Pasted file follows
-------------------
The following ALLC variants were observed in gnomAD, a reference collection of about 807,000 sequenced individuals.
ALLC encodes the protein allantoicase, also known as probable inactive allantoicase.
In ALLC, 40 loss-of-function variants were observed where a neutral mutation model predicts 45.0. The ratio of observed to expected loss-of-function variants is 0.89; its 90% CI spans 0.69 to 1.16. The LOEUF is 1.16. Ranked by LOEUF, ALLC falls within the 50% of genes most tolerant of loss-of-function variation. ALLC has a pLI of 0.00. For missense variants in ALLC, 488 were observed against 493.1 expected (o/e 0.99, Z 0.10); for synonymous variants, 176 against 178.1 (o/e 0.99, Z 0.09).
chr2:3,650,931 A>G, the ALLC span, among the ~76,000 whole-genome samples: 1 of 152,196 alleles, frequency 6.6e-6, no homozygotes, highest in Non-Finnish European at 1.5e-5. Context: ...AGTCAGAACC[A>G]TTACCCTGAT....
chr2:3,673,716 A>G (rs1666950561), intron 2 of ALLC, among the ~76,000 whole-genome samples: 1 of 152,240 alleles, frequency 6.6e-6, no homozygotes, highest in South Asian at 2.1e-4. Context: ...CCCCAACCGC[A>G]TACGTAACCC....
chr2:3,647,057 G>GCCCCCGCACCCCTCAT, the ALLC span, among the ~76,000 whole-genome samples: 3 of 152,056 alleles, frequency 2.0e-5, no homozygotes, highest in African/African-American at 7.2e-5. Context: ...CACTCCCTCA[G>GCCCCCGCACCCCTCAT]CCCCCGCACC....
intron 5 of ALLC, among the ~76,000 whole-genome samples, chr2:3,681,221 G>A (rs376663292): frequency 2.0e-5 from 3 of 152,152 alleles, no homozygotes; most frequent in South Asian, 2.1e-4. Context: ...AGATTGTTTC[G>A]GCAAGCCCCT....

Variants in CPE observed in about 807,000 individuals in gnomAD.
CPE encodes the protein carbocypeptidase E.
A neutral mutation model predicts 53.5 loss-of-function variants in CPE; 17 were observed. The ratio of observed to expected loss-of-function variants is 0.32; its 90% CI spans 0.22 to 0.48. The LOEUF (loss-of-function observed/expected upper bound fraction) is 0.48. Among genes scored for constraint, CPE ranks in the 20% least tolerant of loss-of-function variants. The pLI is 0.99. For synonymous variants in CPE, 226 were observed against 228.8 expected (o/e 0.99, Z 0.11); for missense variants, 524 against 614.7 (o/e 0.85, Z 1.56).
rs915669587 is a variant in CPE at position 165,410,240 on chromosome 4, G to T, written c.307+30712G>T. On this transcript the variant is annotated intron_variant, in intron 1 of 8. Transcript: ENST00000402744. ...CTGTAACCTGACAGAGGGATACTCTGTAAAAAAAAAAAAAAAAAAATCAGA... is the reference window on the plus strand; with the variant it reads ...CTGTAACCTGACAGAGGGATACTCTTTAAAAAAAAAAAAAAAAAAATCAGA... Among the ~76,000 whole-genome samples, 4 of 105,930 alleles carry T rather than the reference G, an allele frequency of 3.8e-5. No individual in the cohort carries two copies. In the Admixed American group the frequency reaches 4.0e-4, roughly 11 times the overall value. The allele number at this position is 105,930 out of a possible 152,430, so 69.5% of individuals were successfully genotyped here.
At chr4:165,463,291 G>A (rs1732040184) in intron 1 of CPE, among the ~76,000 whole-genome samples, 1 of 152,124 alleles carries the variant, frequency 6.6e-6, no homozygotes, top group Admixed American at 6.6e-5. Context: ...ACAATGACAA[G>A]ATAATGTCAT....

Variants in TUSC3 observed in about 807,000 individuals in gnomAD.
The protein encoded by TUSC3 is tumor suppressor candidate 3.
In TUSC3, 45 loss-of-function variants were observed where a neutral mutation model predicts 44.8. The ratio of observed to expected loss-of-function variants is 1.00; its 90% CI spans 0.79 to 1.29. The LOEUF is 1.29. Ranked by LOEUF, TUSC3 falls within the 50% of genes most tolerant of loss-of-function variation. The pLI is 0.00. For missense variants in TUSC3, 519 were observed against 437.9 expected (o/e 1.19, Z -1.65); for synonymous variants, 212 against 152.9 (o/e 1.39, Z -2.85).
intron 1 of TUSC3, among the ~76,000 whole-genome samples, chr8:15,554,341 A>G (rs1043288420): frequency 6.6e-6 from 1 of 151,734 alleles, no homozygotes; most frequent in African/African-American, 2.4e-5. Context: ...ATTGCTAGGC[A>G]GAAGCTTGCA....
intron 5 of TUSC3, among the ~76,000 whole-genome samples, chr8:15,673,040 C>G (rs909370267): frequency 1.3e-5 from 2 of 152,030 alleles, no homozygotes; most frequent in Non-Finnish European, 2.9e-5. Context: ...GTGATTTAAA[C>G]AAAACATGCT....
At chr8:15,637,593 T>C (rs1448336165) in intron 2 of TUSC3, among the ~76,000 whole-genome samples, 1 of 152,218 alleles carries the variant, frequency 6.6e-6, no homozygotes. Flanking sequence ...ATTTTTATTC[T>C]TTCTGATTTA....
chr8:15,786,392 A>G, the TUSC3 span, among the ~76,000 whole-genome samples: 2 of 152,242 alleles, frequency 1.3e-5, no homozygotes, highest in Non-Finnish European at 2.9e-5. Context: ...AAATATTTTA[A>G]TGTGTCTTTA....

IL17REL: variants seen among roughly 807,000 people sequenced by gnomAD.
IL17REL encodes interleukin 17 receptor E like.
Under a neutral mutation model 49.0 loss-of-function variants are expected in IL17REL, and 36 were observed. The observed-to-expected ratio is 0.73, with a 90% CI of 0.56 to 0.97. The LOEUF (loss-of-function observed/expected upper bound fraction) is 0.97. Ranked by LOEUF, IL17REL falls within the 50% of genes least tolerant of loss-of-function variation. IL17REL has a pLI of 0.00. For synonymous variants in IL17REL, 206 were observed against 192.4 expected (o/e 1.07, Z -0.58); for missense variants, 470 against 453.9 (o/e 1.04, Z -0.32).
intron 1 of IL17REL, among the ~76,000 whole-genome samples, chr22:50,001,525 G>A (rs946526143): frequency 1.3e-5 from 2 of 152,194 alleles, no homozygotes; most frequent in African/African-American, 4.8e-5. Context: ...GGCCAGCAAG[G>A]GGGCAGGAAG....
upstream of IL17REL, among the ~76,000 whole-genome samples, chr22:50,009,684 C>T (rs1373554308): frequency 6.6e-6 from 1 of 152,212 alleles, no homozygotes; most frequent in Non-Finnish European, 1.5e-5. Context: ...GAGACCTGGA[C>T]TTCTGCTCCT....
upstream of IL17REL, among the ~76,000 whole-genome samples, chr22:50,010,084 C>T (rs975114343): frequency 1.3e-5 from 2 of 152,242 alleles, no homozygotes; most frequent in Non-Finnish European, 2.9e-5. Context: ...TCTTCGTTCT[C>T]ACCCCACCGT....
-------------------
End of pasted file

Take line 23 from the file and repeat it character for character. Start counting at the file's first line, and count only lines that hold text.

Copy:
intron 1 of IL17REL, among the ~76,000 whole-genome samples, chr22:50,001,525 G>A (rs946526143): frequency 1.3e-5 from 2 of 152,194 alleles, no homozygotes; most frequent in African/African-American, 4.8e-5. Context: ...GGCCAGCAAG[G>A]GGGCAGGAAG....